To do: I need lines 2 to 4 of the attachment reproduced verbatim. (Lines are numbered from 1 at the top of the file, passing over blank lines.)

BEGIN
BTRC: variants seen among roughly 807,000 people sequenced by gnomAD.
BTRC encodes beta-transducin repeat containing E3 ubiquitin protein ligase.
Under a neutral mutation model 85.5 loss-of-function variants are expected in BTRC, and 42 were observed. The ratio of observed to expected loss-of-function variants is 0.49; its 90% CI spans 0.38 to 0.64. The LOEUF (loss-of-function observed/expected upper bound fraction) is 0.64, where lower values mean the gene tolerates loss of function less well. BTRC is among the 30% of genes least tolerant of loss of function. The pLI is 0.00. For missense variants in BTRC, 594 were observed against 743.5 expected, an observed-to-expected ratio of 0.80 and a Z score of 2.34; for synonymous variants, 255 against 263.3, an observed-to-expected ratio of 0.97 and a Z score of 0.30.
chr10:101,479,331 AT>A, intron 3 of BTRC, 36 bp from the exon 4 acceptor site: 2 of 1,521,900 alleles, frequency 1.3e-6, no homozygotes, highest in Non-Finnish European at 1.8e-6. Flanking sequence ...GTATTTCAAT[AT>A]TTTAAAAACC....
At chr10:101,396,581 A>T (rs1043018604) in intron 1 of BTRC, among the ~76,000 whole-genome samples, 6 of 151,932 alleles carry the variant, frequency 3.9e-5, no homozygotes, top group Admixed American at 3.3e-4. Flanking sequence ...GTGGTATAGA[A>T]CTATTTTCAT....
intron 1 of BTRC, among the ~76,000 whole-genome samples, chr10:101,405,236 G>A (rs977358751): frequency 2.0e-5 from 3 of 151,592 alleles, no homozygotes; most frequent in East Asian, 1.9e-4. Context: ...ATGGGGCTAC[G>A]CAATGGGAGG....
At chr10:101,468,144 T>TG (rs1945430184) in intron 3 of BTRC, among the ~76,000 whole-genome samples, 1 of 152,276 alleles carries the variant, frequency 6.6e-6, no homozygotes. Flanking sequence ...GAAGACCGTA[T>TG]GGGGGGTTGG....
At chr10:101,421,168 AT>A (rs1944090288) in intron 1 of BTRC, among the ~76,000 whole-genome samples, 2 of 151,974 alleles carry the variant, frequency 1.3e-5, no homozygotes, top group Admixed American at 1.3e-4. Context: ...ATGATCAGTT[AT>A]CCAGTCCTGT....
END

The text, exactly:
BTRC encodes beta-transducin repeat containing E3 ubiquitin protein ligase.
Under a neutral mutation model 85.5 loss-of-function variants are expected in BTRC, and 42 were observed. The ratio of observed to expected loss-of-function variants is 0.49; its 90% CI spans 0.38 to 0.64. The LOEUF (loss-of-function observed/expected upper bound fraction) is 0.64, where lower values mean the gene tolerates loss of function less well. BTRC is among the 30% of genes least tolerant of loss of function. The pLI is 0.00. For missense variants in BTRC, 594 were observed against 743.5 expected, an observed-to-expected ratio of 0.80 and a Z score of 2.34; for synonymous variants, 255 against 263.3, an observed-to-expected ratio of 0.97 and a Z score of 0.30.
chr10:101,479,331 AT>A, intron 3 of BTRC, 36 bp from the exon 4 acceptor site: 2 of 1,521,900 alleles, frequency 1.3e-6, no homozygotes, highest in Non-Finnish European at 1.8e-6. Flanking sequence ...GTATTTCAAT[AT>A]TTTAAAAACC....